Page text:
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White House Denies Comey's Account Of Trump Meeting


According to a memo written by former FBI Director James Comey, President Trump asked Comey to drop the bureau's investigation of the former national security adviser Michael Flynn's connections to Russia. This story was first reported by The New York Times. But NPR justice correspondent Carrie Johnson has been reporting this out as well, and she joins us. Good morning, Carrie.


GREENE: So the White House is denying that the president asked anyone to stop any investigation, which seems to contradict this memo written by FBI Director James Comey when he was in the job. What exactly have you learned about this memo and what it says?

JOHNSON: I spoke with multiple associates of James Comey. They said that he met with President Trump in the White House in February a day after General Mike Flynn lost his job. They were there for another meeting. President Trump apparently said to the attorney general and the vice president, go ahead; leave the room. And then Trump - according to this memo and the sources with whom I spoke - Trump said to Comey, I hope you can let this go, in connection with the investigation of Mike Flynn, the ongoing investigation.

I'm told Comey gave a non-response response, left the White House and then committed this meeting to memory and memorialized it in a memo that's very, very detailed. This wasn't the first conversation with the president that he put into writing. There are other memos as well, David. And he wrote them simultaneous to these meetings. So they're - they're kind of a contemporary record of his account of what happened in his contacts with Trump. I asked one of Comey's associates why he did this - the answer, he was concerned.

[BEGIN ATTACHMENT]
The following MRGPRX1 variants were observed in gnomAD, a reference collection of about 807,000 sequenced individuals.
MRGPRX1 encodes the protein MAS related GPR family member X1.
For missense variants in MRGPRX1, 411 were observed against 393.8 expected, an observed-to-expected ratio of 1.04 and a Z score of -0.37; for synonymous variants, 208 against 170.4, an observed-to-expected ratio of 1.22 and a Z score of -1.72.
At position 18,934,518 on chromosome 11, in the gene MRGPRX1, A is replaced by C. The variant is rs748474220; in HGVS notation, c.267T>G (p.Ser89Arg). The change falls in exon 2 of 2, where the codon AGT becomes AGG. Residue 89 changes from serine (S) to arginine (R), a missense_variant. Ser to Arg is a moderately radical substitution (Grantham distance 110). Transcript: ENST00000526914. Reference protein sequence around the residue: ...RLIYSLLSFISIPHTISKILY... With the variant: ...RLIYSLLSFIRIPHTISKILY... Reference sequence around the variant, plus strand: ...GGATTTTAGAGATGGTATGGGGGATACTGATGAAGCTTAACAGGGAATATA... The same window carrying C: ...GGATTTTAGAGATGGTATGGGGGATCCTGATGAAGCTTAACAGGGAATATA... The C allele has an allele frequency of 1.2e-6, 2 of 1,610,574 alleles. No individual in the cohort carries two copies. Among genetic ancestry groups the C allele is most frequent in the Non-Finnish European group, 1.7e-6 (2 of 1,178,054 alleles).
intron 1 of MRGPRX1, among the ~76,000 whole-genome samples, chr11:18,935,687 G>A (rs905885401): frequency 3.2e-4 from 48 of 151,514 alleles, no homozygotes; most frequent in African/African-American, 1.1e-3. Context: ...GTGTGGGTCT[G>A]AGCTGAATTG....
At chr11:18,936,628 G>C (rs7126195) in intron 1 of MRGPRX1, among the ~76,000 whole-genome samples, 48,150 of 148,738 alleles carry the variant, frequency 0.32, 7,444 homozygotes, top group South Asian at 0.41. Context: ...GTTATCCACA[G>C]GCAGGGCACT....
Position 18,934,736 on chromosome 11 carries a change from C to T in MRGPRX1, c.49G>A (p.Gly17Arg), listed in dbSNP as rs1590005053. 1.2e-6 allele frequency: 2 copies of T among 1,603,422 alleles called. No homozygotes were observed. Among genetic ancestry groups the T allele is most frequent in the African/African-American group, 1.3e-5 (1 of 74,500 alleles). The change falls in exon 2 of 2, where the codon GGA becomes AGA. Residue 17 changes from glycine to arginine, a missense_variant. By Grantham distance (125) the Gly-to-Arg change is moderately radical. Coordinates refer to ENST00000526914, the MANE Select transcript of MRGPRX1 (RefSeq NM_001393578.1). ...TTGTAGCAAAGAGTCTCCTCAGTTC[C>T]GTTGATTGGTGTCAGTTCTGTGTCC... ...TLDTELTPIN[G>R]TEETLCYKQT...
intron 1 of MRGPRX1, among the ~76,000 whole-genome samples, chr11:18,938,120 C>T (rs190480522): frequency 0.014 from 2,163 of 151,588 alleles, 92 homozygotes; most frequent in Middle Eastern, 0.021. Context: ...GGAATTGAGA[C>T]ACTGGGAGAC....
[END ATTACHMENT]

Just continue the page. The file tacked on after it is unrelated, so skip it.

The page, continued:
GREENE: Well, the White House is saying that the president did not ask for any investigation to be stopped. But if he did say something like, let this go, is that or could that be obstruction of justice?

JOHNSON: David, it's a fine line. I don't know enough to say right now, nor does anybody else. But clearly people are going to want to read these documents that James Comey created, and they're going to want to hear from him as well. We do know there was an ongoing investigation. The president was apparently leaning on the FBI director, according to Comey's memo, to get rid of this investigation. But one of my sources says it was an ask not a command. Comey left the meeting, and the investigation proceeded anyway, no matter what Donald Trump said.

GREENE: So this might actually come down to Comey's word against the president's, sort of a he-said-he-said sort of thing. I mean, could that be resolved in some way?

JOHNSON: I think it will be resolved. In fact, Jason Chaffetz, a House member from Utah, Republican who leads an important oversight committee, has already sent a demand to the FBI to produce by next week any memos, recordings, transcripts it has. And I expect the FBI to comply in due course.

A big question, David, is whether the White House is going to turn over any transcripts, recordings it may have of these meetings with James Comey. Remember, Comey was fired by the president last week. He wasn't allowed back into the building. The FBI still has these materials. He created them at the time.

GREENE: And could Comey be brought in to testify?

JOHNSON: I think he could be brought in to testify in a court of law. More likely, if things proceed in this fashion and something really is there, David, we could be talking about a trial in the Congress, an impeachment proceeding rather than a criminal court proceeding - in part because there's an ongoing legal debate about whether the president can be indicted in office.

GREENE: All right, NPR justice correspondent Carrie Johnson. Carrie, thanks.

JOHNSON: You're welcome. Transcript provided by NPR, Copyright NPR.

NPR transcripts are created on a rush deadline by an NPR contractor. This text may not be in its final form and may be updated or revised in the future. Accuracy and availability may vary. The authoritative record of NPR’s programming is the audio record.

Carrie Johnson is a justice correspondent for the Washington Desk.
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